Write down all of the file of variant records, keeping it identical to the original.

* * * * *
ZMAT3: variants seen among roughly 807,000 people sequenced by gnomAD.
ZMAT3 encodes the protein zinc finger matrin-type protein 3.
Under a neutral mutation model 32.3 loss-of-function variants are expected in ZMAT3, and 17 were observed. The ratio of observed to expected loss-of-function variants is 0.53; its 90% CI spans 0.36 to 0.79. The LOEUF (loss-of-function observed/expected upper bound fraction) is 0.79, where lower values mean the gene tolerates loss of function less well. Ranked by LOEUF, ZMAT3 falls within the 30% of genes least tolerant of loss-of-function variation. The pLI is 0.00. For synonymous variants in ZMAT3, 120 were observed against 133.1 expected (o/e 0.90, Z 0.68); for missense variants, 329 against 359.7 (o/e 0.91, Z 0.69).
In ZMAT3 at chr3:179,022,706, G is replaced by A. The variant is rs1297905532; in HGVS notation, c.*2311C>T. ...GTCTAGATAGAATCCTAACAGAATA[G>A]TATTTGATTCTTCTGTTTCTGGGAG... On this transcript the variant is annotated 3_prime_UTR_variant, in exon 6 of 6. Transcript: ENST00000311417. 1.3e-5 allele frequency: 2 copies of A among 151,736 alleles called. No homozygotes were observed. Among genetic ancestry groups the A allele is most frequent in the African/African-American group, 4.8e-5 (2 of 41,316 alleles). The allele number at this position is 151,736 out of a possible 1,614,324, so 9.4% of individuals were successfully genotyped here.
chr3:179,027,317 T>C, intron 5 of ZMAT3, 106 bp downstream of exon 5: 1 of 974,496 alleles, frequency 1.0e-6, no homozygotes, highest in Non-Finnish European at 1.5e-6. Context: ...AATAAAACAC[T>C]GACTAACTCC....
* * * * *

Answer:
ZMAT3: variants seen among roughly 807,000 people sequenced by gnomAD.
ZMAT3 encodes the protein zinc finger matrin-type protein 3.
Under a neutral mutation model 32.3 loss-of-function variants are expected in ZMAT3, and 17 were observed. The ratio of observed to expected loss-of-function variants is 0.53; its 90% CI spans 0.36 to 0.79. The LOEUF (loss-of-function observed/expected upper bound fraction) is 0.79, where lower values mean the gene tolerates loss of function less well. Ranked by LOEUF, ZMAT3 falls within the 30% of genes least tolerant of loss-of-function variation. The pLI is 0.00. For synonymous variants in ZMAT3, 120 were observed against 133.1 expected (o/e 0.90, Z 0.68); for missense variants, 329 against 359.7 (o/e 0.91, Z 0.69).
In ZMAT3 at chr3:179,022,706, G is replaced by A. The variant is rs1297905532; in HGVS notation, c.*2311C>T. ...GTCTAGATAGAATCCTAACAGAATA[G>A]TATTTGATTCTTCTGTTTCTGGGAG... On this transcript the variant is annotated 3_prime_UTR_variant, in exon 6 of 6. Transcript: ENST00000311417. 1.3e-5 allele frequency: 2 copies of A among 151,736 alleles called. No homozygotes were observed. Among genetic ancestry groups the A allele is most frequent in the African/African-American group, 4.8e-5 (2 of 41,316 alleles). The allele number at this position is 151,736 out of a possible 1,614,324, so 9.4% of individuals were successfully genotyped here.
chr3:179,027,317 T>C, intron 5 of ZMAT3, 106 bp downstream of exon 5: 1 of 974,496 alleles, frequency 1.0e-6, no homozygotes, highest in Non-Finnish European at 1.5e-6. Context: ...AATAAAACAC[T>C]GACTAACTCC....